But... a mate had a spare ticket, and there are potentially worse ways to spend a Monday night.
It had its moments, though I can't say I really engaged with the show. I didn't buy what they were selling - and selling is exactly why U2 were doing.
What stood out most for me - whether it comes from the band as individuals, or as an organisation - is how brilliant U2 are at branding. The games industry could learn a lot from them.
Watching last night's show, it struck me that U2 might be the most corporate band of all time.
It's little wonder that they've worked so closely with Apple in the past, because they're every bit the music world's equivalent of Apple; a massive organisation that talks about personal experience and connecting the world, while actually being an aloof, untouchable, tax-dodging, money-making monolith. U2 is a business more than a rock band.
The current U2 tour adopts a loose theme around the band's origins, footage of Bono's parents playing out on an enormous, transparent, screen - which Bono then climbs inside, as he walks along stylised footage of the street he grew up on. At other points, the entire band play from within the screen, overlaid with giant, graphical versions of themselves.
It was impressive, but for a show that supposedly touches on some very personal themes for Bono, I found it remarkably unmoving. It strives for intimacy, but was too impersonal, too calculated - as if everything, from the between-song banter to The Edge's stupid hat, had been thought through, analysed, dissected as to how it was serving the U2 brand. U2 - the U2 that the world sees - are portrayed as icons, not as people.
They clearly learned a lot from Steve Jobs, and the applause and singing along from the crowd seemed to me - sober and unmoved as I was - to come from the same font of corporate brainwashing as those who line up outside Apple Stores for a week before the launch of a new iPhone.
Yet, as with the marketing campaigns of Apple, it succeeded in what it set out to do, and I don't doubt most of the audience went home thinking they'd had the night of their lives. We'd been successfully sold the idea of the rock band U2 giving us a big Saturday night on a Monday evening. Even Noel Gallagher showed up on stage for one of the encores.
Where am I going with this? I'll tell you where I was going with this...
You may have read that Assassin's Creed Syndicate debuted in the all-formats games charts at number one this week, but that sales were down significantly on the previous instalment or two of the franchise. People seem tired of what has become the tradition of an annual Assassin's Creed game.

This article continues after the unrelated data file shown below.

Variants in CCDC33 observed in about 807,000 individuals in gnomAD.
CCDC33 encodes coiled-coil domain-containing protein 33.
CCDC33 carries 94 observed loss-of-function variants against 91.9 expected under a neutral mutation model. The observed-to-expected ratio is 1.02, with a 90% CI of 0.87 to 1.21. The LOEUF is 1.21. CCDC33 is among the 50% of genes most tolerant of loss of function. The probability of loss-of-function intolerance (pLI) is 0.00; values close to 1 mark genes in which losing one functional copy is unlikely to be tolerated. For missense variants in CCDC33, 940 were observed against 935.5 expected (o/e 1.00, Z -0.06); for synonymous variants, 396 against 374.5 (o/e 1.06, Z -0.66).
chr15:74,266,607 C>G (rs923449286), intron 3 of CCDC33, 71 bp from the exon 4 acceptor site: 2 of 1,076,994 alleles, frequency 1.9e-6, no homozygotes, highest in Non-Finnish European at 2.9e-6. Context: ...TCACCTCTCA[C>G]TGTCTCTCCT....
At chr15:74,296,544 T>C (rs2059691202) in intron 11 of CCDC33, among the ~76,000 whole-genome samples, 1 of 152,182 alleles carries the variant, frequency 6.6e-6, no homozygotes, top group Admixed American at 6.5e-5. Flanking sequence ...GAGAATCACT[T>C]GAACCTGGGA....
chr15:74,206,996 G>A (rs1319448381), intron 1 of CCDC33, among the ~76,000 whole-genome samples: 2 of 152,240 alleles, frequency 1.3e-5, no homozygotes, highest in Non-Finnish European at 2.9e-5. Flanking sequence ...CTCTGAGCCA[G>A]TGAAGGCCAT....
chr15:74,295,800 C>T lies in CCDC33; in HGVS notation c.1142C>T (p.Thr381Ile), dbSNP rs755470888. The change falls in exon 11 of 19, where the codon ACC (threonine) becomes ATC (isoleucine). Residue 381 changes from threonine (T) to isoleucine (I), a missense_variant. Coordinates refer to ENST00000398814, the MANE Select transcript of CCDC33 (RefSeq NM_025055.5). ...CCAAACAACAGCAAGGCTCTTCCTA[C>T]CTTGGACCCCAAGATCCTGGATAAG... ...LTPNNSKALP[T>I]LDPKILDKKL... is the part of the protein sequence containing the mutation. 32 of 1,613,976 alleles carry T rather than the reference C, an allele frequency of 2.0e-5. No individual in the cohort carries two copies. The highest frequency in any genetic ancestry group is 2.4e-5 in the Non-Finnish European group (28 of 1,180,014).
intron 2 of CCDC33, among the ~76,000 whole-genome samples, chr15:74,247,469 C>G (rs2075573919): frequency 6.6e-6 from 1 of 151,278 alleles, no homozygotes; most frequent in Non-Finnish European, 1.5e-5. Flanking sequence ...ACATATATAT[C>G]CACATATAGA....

Plus, Halo 5 is out today for the Xbox One, and the sense I'm getting is that there isn't the same level of hype and excitement as there might've been in the past for a new Halo. I might be wrong - let's face it, it's not like a new Xbox One exclusive comes along that often. But still... I know I don't feel particularly excited about the game... I'm just going through the motions.
Maybe it's just me, but it seems like the feeling spreads through all of the major releases this Christmas. The disappointing sales of Syndicate suggests that this tradition of releasing annual instalments of familiar franchises might be backfiring, that the games aren't sufficiently different from one another. Fatigue might finally be settling in. People might want something familiar... but they also want something new.
It just struck me at last night's concert that while I may have issues with U2's corporate approach to rock n' roll, the band successfully rebrands itself with every concert, while still being distinctly U2. Mullet Bono, Wild West Pioneer Bono, MacPhisto Bono, Fly Glasses Bono, and now Weird Blonde Quiff Bono... Innocence & Experience is the name of the new tour, and they've made it feel like an event. As they have with all their previous tours.
Musically, U2 appear these days to strive to sound like U2, but they tweak the visual language, and the soundbites - "Oh, with this one we learned to become a band again" etc. etc. - around that, so it feels like they're moving forwards.
These identikit video game sequels no longer feel like an event. They get the familiar bit right, the iconography - the Assassin's Creed peaked hood, Master Chief's golden faceplate, Lara Croft's pout - without giving us anything new. Syndicate's London looks too much like Unity's Paris. Halo 5 looks like all the other Halo games. Call of Duty Black Ops 3 looks like Call of Duty Advanced Warfare.
It's all becoming interchangeable to a degree that I've never before seen in the games industry. I know this is a drum I keep banging, but I'm finding it a massive issue. I want video games to excite me like they once did - with the sense of possibility, and new experiences - not elicit a sigh, and a shrug. I've never been more bored by a Christmas release schedule.
So anyway. Yeah. What I appear to be saying - looking back over all that - is that I want my video games to pay lip service to the notion of new ideas, while repackaging and rebranding the same old stuff.
Which isn't entirely the case, but if you are going to repurpose gameplay and characters, making it at least feel new - finding ways to make the branding of your games, the iconography, feel fresh - is a step up from making everything feel exactly the same as before.
There's a real fear that pervades the industry right now, a reticence to take risks, to break out of comfort zones. Maybe in Halo 6 they could have a moment where Master Chief pauses to talk about his dead mother, whips off his helmet to reveal a new hairstyle, before a number of ambiguous, pseudo-compassionate slogans flash up on the screen: "SAVE EVERYONE!", "THE WORLD IS A PLACE FOR PEOPLE", "IMMIGRATION IS A THING!".